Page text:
If you’re spending Halloween night at home with your significant other (like this year, when it falls on a Tuesday), know this: Mike Dougherty’s Trick ’r Treat is basically the ultimate Halloween night movie. So many horror films venerate particular slashers, or monsters, or characters, or settings, but Trick ’r Treat is all about respect for the holiday itself, and that gives the film a wondrously nostalgic quality. As a kid who grew up considering Halloween to be his favorite holiday, for me the film taps into a sentiment that has always been a big part of my childhood. Dougherty’s film feels like an aside from a good friend, assuring you, “I know exactly how you feel.”
Trick ’r Treat is essentially an anthology, although its stories aren’t unrelated or sequential. Rather, they the stories occur simultaneously in the same small town on Halloween night, weaving in and out of each other in unexpected ways. As one story finishes, it tends to enrich the presumed endings of previous installments, giving the audience a new perspective on events they’ve witnessed 20 or 30 minutes beforehand. Our one constant presence is Sam, the pint-sized “spirit of Halloween” whose function is to carry out messy vengeance upon those who trample over Halloween’s sacred traditions. It’s a charming, occasionally spooky film with a great ensemble cast, from Brian Cox to a pre-True Blood Anna Paquin. There’s a little something in Trick ’r Treat for everyone.
Do you love the original Scream? Then Behind the Mask might well be your new favorite horror film. Ignore the silly title, if you can—the documentary-like inclusion of the “Leslie Vernon” portion feels like it might have cost the movie wider exposure—because it’s one of the smartest meta-horror-movies of the last 20 years. If Scream dabbled in its deconstruction of slasher movie tropes, Behind the Mask attempts to literalize them: We follow a film crew tailing and interviewing a fledgling killer as he trains, preparing himself for the challenge of becoming a legendary slasher.
What follows is a meditation on the roots of slasher convention, while engaging in some of the classic questions that audiences would ask about any slasher: Why do they do what they do? How can they seemingly be in two places at once? How does a single man manage to take down a dozen teens? Behind the Mask delivers answers and splendid performances from relative unknowns, although horror fans will appreciate Robert Englund as Doc Halloran and a cameo from a pre-Walking Dead Scott Wilson.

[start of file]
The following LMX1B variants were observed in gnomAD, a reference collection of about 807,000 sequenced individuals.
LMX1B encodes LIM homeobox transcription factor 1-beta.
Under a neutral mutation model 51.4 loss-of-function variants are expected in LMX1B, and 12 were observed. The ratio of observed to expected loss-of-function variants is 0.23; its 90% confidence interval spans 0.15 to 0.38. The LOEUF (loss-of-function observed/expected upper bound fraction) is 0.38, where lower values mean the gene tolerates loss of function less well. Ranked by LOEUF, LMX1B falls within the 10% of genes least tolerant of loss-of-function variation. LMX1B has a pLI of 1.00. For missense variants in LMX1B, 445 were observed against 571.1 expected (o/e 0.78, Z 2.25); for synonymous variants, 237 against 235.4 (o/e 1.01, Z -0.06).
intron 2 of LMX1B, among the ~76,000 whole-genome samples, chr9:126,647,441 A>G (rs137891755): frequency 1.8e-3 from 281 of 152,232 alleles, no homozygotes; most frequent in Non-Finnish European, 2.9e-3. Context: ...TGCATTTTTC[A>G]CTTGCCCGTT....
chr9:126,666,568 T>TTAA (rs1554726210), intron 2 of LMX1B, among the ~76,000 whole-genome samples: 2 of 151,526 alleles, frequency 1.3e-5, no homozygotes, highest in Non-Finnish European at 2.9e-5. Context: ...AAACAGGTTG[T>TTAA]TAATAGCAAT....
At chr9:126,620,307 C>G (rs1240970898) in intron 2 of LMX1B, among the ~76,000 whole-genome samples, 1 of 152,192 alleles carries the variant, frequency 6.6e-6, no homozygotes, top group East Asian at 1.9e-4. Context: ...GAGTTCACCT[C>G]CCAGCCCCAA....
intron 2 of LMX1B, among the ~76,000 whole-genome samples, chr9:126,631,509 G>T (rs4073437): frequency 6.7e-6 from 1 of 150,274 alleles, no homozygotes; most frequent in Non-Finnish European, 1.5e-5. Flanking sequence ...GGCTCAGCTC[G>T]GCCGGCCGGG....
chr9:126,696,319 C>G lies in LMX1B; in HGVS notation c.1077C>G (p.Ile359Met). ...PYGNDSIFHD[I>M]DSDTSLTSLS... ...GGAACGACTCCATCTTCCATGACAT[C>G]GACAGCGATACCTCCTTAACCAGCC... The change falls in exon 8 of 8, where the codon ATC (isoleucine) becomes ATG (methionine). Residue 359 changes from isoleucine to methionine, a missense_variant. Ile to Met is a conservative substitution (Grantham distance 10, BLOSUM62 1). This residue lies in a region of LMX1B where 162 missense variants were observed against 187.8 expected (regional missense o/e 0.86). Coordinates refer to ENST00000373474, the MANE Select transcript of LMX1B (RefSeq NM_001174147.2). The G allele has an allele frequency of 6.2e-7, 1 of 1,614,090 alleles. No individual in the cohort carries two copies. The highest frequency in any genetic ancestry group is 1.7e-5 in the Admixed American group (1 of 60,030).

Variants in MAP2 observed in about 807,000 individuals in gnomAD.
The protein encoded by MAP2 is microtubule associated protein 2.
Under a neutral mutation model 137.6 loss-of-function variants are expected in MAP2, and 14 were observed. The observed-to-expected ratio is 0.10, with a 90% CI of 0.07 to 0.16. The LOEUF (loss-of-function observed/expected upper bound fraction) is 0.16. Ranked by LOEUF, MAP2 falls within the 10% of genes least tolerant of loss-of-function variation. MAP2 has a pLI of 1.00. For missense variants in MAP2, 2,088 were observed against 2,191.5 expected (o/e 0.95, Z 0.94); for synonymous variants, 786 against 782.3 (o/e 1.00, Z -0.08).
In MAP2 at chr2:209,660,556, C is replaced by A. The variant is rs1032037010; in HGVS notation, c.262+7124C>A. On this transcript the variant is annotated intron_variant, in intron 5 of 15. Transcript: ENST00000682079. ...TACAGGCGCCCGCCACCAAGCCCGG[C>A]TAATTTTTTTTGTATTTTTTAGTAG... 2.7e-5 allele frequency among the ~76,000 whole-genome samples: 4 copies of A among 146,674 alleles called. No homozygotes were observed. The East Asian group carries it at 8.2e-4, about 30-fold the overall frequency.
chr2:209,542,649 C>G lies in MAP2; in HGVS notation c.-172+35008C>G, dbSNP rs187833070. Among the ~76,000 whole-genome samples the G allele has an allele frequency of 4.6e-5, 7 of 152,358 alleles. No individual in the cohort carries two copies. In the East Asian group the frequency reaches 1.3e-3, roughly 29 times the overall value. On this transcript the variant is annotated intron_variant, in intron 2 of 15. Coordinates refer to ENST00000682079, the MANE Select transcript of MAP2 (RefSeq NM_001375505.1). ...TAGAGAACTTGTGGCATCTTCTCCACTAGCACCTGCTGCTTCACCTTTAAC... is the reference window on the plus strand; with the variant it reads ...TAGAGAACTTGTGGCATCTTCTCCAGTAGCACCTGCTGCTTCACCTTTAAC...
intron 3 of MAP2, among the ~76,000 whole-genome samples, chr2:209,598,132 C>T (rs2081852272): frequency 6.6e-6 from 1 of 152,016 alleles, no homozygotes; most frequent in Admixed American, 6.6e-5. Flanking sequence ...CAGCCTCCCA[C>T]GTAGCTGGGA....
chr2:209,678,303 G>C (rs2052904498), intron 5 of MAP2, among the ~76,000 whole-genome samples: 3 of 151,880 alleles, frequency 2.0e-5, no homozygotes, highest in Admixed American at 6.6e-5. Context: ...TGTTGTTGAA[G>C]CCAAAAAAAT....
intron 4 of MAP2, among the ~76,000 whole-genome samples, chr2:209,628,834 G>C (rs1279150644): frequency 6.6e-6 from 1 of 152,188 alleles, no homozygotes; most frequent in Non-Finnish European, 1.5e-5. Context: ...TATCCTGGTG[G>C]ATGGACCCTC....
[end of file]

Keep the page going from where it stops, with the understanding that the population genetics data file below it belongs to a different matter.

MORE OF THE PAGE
If you know the name Katharine Isabelle, it’s probably in reference to the actress’s classic portrayal of a high school werewolf in 2000’s Ginger Snaps, which would also make an excellent addition to this list. But Jen and Sylvia Soska’s American Mary was the star vehicle the actress must have been waiting for in the years after Ginger Snaps, a bloody, sexy dive into the rarely witnessed (in cinema, anyway) “Canadian underworld.”
The film follows an American surgical student in Canada who drops out of school and begins working degrading jobs relying upon her physical beauty rather than her medical talent. However, she soon finds her way into the illicit world of body modification, taking on clients with fantasies and desires to change themselves in ways “frowned upon” by the legitimate medical establishment. What follows is a unique thriller that revolves around questions of identity and physical representation of one’s inner self. It’s certainly the best feature film to date by indie directorial duo The Soska Sisters, who appear as a pair of vampiric, codependent clients who wish to have some of their body parts swapped and grafted onto each other’s bodies. All in all, American Mary is an icky but surprisingly heartfelt body horror thriller with a uniquely empowered female protagonist.
It would be easy to cast this Nicholas Hoult “rom-zom” film aside as simple teen fluff, but Warm Bodies is more entertaining than the serious horror geek might expect, and if your significant other isn’t so fond of exploding heads or people being torn apart in typical Romero-esque fashion, this film might be exactly what you’re looking for. Hoult plays “R,” a rather morose zombie whose days are spent endlessly wandering a defunct airport with hundreds of his brethren as the last vestiges of his humanity slip further and further from memory. That is, until he sees Julie (Teresa Parker) for the first time, and his cold, dead heart inexplicably begins to beat once again. What follows is something of a “Romero and Julie” situation, as we’re combining star-crossed zombies with the threat of Julie’s dictatorial father (a “I heard there was a paycheck here to be collected” John Malkovich).
Still, the best things in Warm Bodies aren’t necessarily the romantic aspects, but the amusing camaraderie between its characters. “R” has what amounts to a zombie bro, played by Rob Corddry, and their minimalistic, coworker-esque small talk is a highlight that is nicely integrated into the plot as the other zombies begin experiencing some of the same awakenings as “R.” Likewise, Julie’s own teenage existence in a heavily gated, walled survivalist community is the sort of thing you don’t often get a chance to see in more serious, horror-centric zombie fiction. All in all, Warm Bodies is a pleasant surprise that will appeal to the romantic comedy enthusiast and the zombie buff in equal measure.
Jim Vorel is a Paste staff writer and horror guru. You can follow him on Twitter for much more film writing.